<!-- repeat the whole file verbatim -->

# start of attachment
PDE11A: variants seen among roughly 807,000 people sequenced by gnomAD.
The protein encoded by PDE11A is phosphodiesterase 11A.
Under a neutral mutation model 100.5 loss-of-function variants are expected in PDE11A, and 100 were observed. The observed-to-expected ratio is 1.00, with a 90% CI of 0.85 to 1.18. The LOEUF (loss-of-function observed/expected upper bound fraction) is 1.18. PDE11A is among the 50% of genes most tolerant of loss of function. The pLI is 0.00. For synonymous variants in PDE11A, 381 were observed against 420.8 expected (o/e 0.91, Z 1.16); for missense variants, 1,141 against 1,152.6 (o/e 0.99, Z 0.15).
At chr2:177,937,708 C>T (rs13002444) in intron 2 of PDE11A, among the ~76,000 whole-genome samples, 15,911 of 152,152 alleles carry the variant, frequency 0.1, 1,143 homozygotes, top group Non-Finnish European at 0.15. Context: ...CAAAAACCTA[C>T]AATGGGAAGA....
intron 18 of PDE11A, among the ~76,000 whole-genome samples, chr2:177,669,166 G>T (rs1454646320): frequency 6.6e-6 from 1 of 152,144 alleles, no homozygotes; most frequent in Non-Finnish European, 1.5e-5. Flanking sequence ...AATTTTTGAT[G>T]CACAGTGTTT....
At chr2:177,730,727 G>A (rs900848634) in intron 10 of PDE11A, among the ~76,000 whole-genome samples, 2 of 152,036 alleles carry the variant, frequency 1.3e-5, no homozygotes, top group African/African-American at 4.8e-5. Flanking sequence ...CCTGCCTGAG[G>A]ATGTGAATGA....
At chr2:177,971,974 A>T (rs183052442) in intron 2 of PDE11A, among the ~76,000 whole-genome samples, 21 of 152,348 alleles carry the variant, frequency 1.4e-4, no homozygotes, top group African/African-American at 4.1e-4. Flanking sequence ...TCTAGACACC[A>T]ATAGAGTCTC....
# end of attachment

PDE11A: variants seen among roughly 807,000 people sequenced by gnomAD.
The protein encoded by PDE11A is phosphodiesterase 11A.
Under a neutral mutation model 100.5 loss-of-function variants are expected in PDE11A, and 100 were observed. The observed-to-expected ratio is 1.00, with a 90% CI of 0.85 to 1.18. The LOEUF (loss-of-function observed/expected upper bound fraction) is 1.18. PDE11A is among the 50% of genes most tolerant of loss of function. The pLI is 0.00. For synonymous variants in PDE11A, 381 were observed against 420.8 expected (o/e 0.91, Z 1.16); for missense variants, 1,141 against 1,152.6 (o/e 0.99, Z 0.15).
At chr2:177,937,708 C>T (rs13002444) in intron 2 of PDE11A, among the ~76,000 whole-genome samples, 15,911 of 152,152 alleles carry the variant, frequency 0.1, 1,143 homozygotes, top group Non-Finnish European at 0.15. Context: ...CAAAAACCTA[C>T]AATGGGAAGA....
intron 18 of PDE11A, among the ~76,000 whole-genome samples, chr2:177,669,166 G>T (rs1454646320): frequency 6.6e-6 from 1 of 152,144 alleles, no homozygotes; most frequent in Non-Finnish European, 1.5e-5. Flanking sequence ...AATTTTTGAT[G>T]CACAGTGTTT....
At chr2:177,730,727 G>A (rs900848634) in intron 10 of PDE11A, among the ~76,000 whole-genome samples, 2 of 152,036 alleles carry the variant, frequency 1.3e-5, no homozygotes, top group African/African-American at 4.8e-5. Flanking sequence ...CCTGCCTGAG[G>A]ATGTGAATGA....
At chr2:177,971,974 A>T (rs183052442) in intron 2 of PDE11A, among the ~76,000 whole-genome samples, 21 of 152,348 alleles carry the variant, frequency 1.4e-4, no homozygotes, top group African/African-American at 4.1e-4. Flanking sequence ...TCTAGACACC[A>T]ATAGAGTCTC....